At some point in any marketer’s career, the 4 P’s of marketing are introduced, whether during a basic marketing course or an internship where the theory was passed from mentor to mentee. There’s a reason this particular tenet of marketing has been part of the curriculum for years: it makes sense.

In case you’ve been out of school for years, here’s a refresher:

  • Product – Does your product address your target buyer’s specific pain points?
  • Price – Does your price reflect the product’s value while also being competitive?
  • Place – Can buyers find your product when they need or want it?
  • Promotion – Where and when can you get your marketing message across?

The 4 P’s are a classic lesson straight from the marketing playbook. Salespeople and small business owners have been familiar with the concept for decades. Which leaves a particular question wide open for debate: Are the 4 P’s of marketing still relevant?

In a word: yes. The 4 P’s are inseparable from a management perspective. You will always have to consider them when making marketing decisions. However, the rapid growth of digital marketing, incorporating websites, SEO, SEM, social media, and content marketing has necessitated a few changes to the core concept.

The 4 P’s from your original marketing plan may not take digital marketing into account. In a sense, digital capabilities could open up any one of the 4 P’s, from making products available through online sales outlets to reaching buyers through digital outlets. New tools must be considered, including social media marketing, e-commerce websites, and digital display advertising. You should certainly be considering mixing in more digital strategies with what you are already doing, and then take time to evaluate what works best for your target audience.

It’s important to remember that we don’t neglect any of the efforts in your marketing mix at the expense of others. “We decide, measure, analyze, and amend every marketing dollar spent on development of rabid customer advocates.” If any component of the marketing mix doesn’t ‘move the needle’ after a period, we re-allocate to another.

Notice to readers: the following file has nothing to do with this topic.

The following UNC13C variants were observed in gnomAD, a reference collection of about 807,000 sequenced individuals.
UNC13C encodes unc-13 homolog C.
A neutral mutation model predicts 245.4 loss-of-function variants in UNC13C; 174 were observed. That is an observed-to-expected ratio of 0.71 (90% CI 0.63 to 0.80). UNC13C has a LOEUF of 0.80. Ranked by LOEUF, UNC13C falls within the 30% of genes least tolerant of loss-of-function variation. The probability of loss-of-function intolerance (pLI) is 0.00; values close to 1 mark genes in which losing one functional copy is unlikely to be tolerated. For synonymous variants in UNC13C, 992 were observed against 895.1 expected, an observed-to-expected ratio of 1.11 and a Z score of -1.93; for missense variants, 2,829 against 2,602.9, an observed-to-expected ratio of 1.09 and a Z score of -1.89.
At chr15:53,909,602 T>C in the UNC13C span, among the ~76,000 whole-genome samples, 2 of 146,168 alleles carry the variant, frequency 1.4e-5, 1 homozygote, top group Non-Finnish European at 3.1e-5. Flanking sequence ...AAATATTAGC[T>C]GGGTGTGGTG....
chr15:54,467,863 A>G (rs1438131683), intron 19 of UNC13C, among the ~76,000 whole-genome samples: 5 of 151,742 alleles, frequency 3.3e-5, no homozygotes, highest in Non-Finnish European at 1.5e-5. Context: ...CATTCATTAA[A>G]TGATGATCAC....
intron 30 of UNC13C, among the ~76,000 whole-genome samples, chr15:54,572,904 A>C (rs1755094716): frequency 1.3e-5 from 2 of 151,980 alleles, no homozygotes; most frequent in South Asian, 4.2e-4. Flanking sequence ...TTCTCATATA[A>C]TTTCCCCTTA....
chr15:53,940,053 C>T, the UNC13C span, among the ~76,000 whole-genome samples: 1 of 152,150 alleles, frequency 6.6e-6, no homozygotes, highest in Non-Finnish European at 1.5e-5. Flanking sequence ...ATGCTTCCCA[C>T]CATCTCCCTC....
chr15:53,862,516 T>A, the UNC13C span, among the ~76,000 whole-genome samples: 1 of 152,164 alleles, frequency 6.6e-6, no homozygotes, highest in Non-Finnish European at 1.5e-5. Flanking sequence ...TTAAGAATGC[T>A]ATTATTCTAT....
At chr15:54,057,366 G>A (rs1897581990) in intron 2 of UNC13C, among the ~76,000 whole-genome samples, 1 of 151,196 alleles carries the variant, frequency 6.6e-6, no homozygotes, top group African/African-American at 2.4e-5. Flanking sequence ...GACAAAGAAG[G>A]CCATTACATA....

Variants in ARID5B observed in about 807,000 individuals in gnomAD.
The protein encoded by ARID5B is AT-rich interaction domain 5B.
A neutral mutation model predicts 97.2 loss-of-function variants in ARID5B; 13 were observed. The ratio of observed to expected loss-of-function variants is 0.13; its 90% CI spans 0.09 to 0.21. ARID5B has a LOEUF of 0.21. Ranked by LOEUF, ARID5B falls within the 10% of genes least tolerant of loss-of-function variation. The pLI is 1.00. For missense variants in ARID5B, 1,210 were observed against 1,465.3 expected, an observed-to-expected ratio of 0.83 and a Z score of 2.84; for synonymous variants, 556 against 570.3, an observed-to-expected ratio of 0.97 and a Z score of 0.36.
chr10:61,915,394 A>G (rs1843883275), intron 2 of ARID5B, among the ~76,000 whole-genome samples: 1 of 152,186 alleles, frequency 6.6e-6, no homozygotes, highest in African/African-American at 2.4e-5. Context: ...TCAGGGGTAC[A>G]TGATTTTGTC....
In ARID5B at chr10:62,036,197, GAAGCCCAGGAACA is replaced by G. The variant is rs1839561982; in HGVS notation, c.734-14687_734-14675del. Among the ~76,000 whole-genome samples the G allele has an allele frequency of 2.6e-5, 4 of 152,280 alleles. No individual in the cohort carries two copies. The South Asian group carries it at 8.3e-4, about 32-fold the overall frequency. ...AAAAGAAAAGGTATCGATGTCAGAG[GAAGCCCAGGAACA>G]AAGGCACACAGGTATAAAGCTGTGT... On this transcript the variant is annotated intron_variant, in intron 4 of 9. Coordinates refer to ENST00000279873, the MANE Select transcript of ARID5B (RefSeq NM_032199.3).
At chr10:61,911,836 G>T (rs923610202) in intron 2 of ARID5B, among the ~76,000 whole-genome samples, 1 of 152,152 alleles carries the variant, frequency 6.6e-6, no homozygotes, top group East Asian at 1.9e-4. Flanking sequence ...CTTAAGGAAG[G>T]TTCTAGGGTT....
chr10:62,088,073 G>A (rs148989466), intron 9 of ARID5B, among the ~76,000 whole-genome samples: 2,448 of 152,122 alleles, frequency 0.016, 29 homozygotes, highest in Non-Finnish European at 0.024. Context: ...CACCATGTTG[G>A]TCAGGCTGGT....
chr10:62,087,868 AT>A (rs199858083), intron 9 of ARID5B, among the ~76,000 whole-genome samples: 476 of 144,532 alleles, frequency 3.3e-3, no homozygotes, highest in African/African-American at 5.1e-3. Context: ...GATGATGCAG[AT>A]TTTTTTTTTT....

While we will never be able to completely abandon those P’s, a new era of digital marketing has brought about the need to expand our alphabet. JRS Mar/Com is an advocate of the opportunity created through the rise of digital marketing. There is a new marketing edict, the 4 C’s:

Create – Developing unique, evergreen content that distinguishes your business from your competition and is a great way to generate affinity and awareness. Before digital media, we were limited in what we could put in front of the eyes of our potential customers. We were limited to print materials, which were costly and needed to be strategically placed, and ads on television or radio, which were even more costly, and depended dearly on timing.

The internet has now provided every business owner with a platform to create beautiful content and to make it available to a broad audience at a fraction of the cost of the former ads. The fruit of your creativity can now abound well past the 30 second time slot you may have purchased in the past.

Curate – Hopefully, as your business has grown, you have made personal relationships with your customers. They mean more to you than their open wallet. You want to give them more than a product now. You want to give them a lifestyle to be involved in. Now is the time to provide them with relevant, informative, entertaining content. While your customers will appreciate the extra step you take for them, you will also benefit from increased engagement.